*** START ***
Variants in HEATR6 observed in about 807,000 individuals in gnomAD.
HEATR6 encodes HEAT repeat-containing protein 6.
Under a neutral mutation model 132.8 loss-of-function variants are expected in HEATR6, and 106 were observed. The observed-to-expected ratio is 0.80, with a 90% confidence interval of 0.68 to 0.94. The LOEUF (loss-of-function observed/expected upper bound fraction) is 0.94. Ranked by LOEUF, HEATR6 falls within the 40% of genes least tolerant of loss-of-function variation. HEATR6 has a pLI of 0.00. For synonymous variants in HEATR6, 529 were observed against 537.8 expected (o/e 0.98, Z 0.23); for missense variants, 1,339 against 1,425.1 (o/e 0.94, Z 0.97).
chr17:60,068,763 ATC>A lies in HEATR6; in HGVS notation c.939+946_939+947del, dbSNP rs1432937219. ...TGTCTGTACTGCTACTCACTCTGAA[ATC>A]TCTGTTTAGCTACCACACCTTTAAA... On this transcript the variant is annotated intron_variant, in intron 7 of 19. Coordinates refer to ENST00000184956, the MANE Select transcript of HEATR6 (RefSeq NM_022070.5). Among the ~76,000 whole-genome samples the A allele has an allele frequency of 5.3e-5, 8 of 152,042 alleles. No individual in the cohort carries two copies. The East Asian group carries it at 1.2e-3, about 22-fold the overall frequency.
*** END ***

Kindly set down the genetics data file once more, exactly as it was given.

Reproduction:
Variants in HEATR6 observed in about 807,000 individuals in gnomAD.
HEATR6 encodes HEAT repeat-containing protein 6.
Under a neutral mutation model 132.8 loss-of-function variants are expected in HEATR6, and 106 were observed. The observed-to-expected ratio is 0.80, with a 90% confidence interval of 0.68 to 0.94. The LOEUF (loss-of-function observed/expected upper bound fraction) is 0.94. Ranked by LOEUF, HEATR6 falls within the 40% of genes least tolerant of loss-of-function variation. HEATR6 has a pLI of 0.00. For synonymous variants in HEATR6, 529 were observed against 537.8 expected (o/e 0.98, Z 0.23); for missense variants, 1,339 against 1,425.1 (o/e 0.94, Z 0.97).
chr17:60,068,763 ATC>A lies in HEATR6; in HGVS notation c.939+946_939+947del, dbSNP rs1432937219. ...TGTCTGTACTGCTACTCACTCTGAA[ATC>A]TCTGTTTAGCTACCACACCTTTAAA... On this transcript the variant is annotated intron_variant, in intron 7 of 19. Coordinates refer to ENST00000184956, the MANE Select transcript of HEATR6 (RefSeq NM_022070.5). Among the ~76,000 whole-genome samples the A allele has an allele frequency of 5.3e-5, 8 of 152,042 alleles. No individual in the cohort carries two copies. The East Asian group carries it at 1.2e-3, about 22-fold the overall frequency.